• We conclude there was a systemic breakdown in accountability and ethics. Theintegrity of our financial markets and the public’s trust in those markets are essentialto the economic well-being of our nation. The soundness and the sustained prosperity of the financial system and our economy rely on the notions of fair dealing, responsibility, and transparency. In our economy, we expect businesses and individualsto pursue profits, at the same time that they produce products and services of qualityand conduct themselves well.Unfortunately - as has been the case in past speculative booms and busts - wewitnessed an erosion of standards of responsibility and ethics that exacerbated the financial crisis. This was not universal, but these breaches stretched from the groundlevel to the corporate suites. They resulted not only in significant financial consequences but also in damage to the trust of investors, businesses, and the public in thefinancial system.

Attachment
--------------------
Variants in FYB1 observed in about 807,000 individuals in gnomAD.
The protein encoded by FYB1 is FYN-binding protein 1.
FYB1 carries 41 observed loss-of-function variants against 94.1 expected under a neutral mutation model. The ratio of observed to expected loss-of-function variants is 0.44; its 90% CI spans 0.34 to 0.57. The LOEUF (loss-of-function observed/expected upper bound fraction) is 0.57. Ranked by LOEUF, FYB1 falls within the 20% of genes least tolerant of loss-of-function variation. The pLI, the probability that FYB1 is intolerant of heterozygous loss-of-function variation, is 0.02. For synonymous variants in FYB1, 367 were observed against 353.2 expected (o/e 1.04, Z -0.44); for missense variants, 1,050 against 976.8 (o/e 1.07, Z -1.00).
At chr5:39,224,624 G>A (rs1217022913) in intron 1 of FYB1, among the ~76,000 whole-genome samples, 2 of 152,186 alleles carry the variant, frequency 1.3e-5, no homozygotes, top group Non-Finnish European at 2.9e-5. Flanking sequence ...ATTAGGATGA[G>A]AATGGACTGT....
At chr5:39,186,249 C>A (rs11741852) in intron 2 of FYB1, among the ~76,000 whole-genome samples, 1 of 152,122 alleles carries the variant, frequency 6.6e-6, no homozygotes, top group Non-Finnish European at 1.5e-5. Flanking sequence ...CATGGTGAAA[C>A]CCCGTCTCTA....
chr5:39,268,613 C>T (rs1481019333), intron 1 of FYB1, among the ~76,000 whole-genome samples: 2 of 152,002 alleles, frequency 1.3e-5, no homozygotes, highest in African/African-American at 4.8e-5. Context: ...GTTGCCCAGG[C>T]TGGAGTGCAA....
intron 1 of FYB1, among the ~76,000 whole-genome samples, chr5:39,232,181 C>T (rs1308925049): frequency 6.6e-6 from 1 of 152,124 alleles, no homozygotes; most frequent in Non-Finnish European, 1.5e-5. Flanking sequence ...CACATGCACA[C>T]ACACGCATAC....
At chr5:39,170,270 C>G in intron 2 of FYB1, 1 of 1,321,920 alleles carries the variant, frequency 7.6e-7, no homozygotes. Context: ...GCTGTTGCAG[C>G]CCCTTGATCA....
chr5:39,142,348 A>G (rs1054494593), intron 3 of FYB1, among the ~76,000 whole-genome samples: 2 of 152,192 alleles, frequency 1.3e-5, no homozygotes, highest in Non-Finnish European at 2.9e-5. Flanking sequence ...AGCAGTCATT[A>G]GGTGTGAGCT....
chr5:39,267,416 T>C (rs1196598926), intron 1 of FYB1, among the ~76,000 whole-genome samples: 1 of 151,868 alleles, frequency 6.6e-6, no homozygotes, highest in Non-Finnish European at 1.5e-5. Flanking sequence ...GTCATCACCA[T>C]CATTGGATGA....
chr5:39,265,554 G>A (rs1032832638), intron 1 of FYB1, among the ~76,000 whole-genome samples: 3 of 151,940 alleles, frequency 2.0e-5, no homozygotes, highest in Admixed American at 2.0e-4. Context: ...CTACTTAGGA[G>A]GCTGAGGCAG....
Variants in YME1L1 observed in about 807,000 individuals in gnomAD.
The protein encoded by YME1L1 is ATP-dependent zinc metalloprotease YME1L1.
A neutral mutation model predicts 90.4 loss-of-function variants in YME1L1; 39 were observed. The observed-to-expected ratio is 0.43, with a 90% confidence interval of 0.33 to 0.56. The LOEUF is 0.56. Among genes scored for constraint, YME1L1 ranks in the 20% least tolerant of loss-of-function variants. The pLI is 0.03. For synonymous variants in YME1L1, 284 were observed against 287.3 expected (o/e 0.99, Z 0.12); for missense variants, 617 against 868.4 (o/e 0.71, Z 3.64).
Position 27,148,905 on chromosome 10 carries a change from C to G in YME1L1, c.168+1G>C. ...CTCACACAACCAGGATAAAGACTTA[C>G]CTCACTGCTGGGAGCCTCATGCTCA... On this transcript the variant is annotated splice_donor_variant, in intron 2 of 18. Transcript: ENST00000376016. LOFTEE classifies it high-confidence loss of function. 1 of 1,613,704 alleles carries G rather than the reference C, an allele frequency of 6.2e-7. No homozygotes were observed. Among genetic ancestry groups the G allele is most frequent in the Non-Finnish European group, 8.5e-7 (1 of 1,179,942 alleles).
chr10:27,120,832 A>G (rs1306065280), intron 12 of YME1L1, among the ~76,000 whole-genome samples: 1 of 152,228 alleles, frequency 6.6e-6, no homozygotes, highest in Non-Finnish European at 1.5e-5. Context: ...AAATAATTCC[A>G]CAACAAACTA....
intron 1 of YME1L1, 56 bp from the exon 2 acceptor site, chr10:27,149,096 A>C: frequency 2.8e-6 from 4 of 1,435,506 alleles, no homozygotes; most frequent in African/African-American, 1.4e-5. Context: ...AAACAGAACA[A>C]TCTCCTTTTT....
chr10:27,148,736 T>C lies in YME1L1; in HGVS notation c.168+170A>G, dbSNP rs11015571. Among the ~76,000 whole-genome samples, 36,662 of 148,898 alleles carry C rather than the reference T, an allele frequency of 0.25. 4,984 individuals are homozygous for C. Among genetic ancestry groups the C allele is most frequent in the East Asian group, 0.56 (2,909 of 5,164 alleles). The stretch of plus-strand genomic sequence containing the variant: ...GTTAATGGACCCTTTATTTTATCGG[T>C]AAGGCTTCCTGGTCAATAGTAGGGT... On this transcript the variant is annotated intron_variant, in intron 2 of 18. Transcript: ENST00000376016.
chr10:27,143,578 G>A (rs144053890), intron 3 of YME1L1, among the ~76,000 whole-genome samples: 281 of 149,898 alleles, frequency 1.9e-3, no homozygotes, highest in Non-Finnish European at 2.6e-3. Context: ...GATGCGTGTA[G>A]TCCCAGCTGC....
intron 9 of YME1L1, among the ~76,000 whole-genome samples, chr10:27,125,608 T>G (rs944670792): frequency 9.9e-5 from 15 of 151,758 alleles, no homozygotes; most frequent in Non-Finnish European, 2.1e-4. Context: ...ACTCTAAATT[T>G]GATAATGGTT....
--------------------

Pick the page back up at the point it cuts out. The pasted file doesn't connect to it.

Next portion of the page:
THESE CONCLUSIONS must be viewed in the context of human nature and individualand societal responsibility. First, to pin this crisis on mortal flaws like greed andhubris would be simplistic. It was the failure to account for human weakness that isrelevant to this crisis.Second, we clearly believe the crisis was a result of human mistakes, misjudgments, and misdeeds that resulted in systemic failures for which our nation has paiddearly. As you read this report, you will see that specific firms and individuals actedirresponsibly. Yet a crisis of this magnitude cannot be the work of a few bad actors,and such was not the case here. At the same time, the breadth of this crisis does notmean that “everyone is at fault”; many firms and individuals did not participate in theexcesses that spawned disaster.We do place special responsibility with the public leaders charged with protectingour financial system, those entrusted to run our regulatory agencies, and the chief executives of companies whose failures drove us to crisis. These individuals sought andaccepted positions of significant responsibility and obligation. Tone at the top doesmatter and, in this instance, we were let down. No one said “no.”But as a nation, we must also accept responsibility for what we permitted to occur.Collectively, but certainly not unanimously, we acquiesced to or embraced a system,a set of policies and actions, that gave rise to our present predicament.